Saturday, February 16, 2013

Gene Fusion and Mitochondria

Even the Field of Genetics however was annoyingly ambiguous about Man's descent from early apes.

The one exciting piece of evidence that seemed to relate Man to primates generally,
was Man's chromosome count, which seemed to indicate an early fusion
of two genes.

But unfortunately, this evidence was worthless in addressing the
key issue in the question of the descent of man from apes:

When and how did it happen?

It turns out that the supposed 'fusion' must have taken place
when 'Man' was already 'evolved' into a Man, some 5 million years
AFTER the alleged 'mutation/evolution' of Man from early Hominid ancestors.

Worse than that, this 'fusion' apparently had no significant effect on
the actual change of 'Man' into something else.
Its not an actual mutation of genes per se, but
simply a reorganization of exactly the same DNA content,
and might only affect the ability of the recipient to mate with
other humans. (a mere sterility issue).

So it wasn't germane to the main event after all. 
All it definitively proved, was that all men (excepting mutations)
were indeed descended from the same ancestor with 23 chromosome pairs.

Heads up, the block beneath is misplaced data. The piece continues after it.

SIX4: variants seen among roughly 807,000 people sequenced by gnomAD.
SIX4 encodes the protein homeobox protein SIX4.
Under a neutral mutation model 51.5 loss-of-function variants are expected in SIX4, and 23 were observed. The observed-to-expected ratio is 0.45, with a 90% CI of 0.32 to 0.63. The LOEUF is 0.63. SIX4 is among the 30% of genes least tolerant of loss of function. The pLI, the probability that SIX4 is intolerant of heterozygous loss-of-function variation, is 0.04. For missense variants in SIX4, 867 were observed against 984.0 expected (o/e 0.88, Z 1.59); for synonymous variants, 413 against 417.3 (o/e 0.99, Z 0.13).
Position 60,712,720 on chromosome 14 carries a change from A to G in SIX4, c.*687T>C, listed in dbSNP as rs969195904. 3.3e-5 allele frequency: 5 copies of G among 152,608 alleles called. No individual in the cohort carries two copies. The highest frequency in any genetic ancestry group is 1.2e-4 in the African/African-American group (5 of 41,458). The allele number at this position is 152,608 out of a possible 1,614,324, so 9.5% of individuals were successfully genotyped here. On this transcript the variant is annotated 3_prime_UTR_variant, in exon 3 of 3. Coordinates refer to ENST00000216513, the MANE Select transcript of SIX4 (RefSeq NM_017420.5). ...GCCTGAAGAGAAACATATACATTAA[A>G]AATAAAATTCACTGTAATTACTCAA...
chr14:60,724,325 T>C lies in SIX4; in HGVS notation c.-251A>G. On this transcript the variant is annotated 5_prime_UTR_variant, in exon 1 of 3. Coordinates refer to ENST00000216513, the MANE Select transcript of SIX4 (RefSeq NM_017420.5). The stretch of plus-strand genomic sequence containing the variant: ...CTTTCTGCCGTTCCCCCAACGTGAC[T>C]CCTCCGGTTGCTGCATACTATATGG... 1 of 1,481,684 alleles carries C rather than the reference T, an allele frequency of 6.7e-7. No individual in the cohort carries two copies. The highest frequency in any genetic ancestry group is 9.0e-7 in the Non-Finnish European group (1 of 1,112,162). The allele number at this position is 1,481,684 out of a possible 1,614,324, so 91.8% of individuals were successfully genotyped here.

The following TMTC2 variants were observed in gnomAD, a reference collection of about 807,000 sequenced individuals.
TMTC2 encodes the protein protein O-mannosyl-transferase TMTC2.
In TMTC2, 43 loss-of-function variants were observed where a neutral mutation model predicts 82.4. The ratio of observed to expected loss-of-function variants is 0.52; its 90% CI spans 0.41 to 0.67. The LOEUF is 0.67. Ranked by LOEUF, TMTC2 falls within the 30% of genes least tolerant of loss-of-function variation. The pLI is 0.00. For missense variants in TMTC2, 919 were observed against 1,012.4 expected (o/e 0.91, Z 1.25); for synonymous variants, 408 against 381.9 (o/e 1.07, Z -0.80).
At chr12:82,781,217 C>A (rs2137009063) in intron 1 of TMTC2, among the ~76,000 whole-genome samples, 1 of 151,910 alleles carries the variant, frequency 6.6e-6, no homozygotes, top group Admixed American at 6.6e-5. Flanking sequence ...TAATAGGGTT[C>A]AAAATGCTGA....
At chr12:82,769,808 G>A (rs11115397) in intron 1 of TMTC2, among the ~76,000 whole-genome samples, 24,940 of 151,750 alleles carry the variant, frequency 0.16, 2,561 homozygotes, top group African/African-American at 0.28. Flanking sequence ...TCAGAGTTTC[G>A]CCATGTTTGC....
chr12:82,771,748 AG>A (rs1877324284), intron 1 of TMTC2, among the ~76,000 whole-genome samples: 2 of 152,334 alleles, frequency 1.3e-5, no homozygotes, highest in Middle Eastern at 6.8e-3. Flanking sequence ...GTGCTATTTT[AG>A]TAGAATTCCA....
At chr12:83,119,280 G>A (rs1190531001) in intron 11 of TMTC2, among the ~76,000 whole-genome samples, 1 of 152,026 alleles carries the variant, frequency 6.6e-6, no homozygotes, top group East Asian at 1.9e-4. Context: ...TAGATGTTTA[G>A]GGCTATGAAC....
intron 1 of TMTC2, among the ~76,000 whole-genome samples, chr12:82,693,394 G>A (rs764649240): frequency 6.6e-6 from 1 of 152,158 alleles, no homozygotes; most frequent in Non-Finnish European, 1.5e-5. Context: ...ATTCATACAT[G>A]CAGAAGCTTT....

Mitochondrial Con-Jobs

Evolutionists next turned to the new 'Mitochondrial' evidence;
but unfortunately that simply didn't help either, because it
merely bracketed the problem with brackets FAR TOO WIDE
to have anything meaningful to say on Descent of Man:

(1) On the one hand, (according to the latest evolutionary theory)
living things were supposed to have taken on mitochondria in an event
in the very very distant past, so that all modern living things larger
than a single cell contain them.  (whether even this theory has merit is
another question).

(2)  On the other hand, tracing the mitochondrial mutations only seems
to allow confident genealogical connections going back a few hundred
thousand years, nowhere near the needed 10 million years to when
supposedly men evolved from apes.

Another dud-cannon missing the mark, by firing over both bow and stern.

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